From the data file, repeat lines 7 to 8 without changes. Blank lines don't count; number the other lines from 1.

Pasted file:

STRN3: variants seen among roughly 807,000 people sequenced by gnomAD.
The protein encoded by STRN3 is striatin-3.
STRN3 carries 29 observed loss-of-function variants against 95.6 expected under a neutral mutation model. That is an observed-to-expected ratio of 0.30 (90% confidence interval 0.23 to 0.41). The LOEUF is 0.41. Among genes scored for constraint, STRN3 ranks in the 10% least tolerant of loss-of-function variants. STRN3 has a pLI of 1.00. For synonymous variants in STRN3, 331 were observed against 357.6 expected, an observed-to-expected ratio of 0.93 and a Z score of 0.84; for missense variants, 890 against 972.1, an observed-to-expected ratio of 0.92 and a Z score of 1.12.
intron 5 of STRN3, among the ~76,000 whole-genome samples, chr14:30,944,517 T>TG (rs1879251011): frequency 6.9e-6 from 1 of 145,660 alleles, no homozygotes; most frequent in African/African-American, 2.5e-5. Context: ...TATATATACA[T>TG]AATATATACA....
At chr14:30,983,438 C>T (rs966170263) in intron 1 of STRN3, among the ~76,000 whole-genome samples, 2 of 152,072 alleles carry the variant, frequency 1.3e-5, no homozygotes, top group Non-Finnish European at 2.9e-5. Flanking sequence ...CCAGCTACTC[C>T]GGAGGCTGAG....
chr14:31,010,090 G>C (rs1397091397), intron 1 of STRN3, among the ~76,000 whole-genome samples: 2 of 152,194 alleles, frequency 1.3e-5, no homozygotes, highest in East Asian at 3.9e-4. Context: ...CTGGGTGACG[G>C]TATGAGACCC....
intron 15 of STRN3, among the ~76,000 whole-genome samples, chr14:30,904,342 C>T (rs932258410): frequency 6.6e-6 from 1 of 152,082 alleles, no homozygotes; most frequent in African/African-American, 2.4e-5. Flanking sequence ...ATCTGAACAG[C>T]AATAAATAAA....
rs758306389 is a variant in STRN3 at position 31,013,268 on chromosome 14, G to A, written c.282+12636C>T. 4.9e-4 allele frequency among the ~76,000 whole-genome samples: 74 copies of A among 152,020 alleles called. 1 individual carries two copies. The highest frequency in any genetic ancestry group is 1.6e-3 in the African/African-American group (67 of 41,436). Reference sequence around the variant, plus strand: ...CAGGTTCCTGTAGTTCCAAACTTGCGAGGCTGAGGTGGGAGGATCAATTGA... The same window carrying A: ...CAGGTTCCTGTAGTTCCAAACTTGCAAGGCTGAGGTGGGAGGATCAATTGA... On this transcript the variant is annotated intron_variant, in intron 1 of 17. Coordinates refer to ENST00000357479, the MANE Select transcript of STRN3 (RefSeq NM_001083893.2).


intron 15 of STRN3, among the ~76,000 whole-genome samples, chr14:30,904,342 C>T (rs932258410): frequency 6.6e-6 from 1 of 152,082 alleles, no homozygotes; most frequent in African/African-American, 2.4e-5. Flanking sequence ...ATCTGAACAG[C>T]AATAAATAAA....
rs758306389 is a variant in STRN3 at position 31,013,268 on chromosome 14, G to A, written c.282+12636C>T. 4.9e-4 allele frequency among the ~76,000 whole-genome samples: 74 copies of A among 152,020 alleles called. 1 individual carries two copies. The highest frequency in any genetic ancestry group is 1.6e-3 in the African/African-American group (67 of 41,436). Reference sequence around the variant, plus strand: ...CAGGTTCCTGTAGTTCCAAACTTGCGAGGCTGAGGTGGGAGGATCAATTGA... The same window carrying A: ...CAGGTTCCTGTAGTTCCAAACTTGCAAGGCTGAGGTGGGAGGATCAATTGA... On this transcript the variant is annotated intron_variant, in intron 1 of 17. Coordinates refer to ENST00000357479, the MANE Select transcript of STRN3 (RefSeq NM_001083893.2).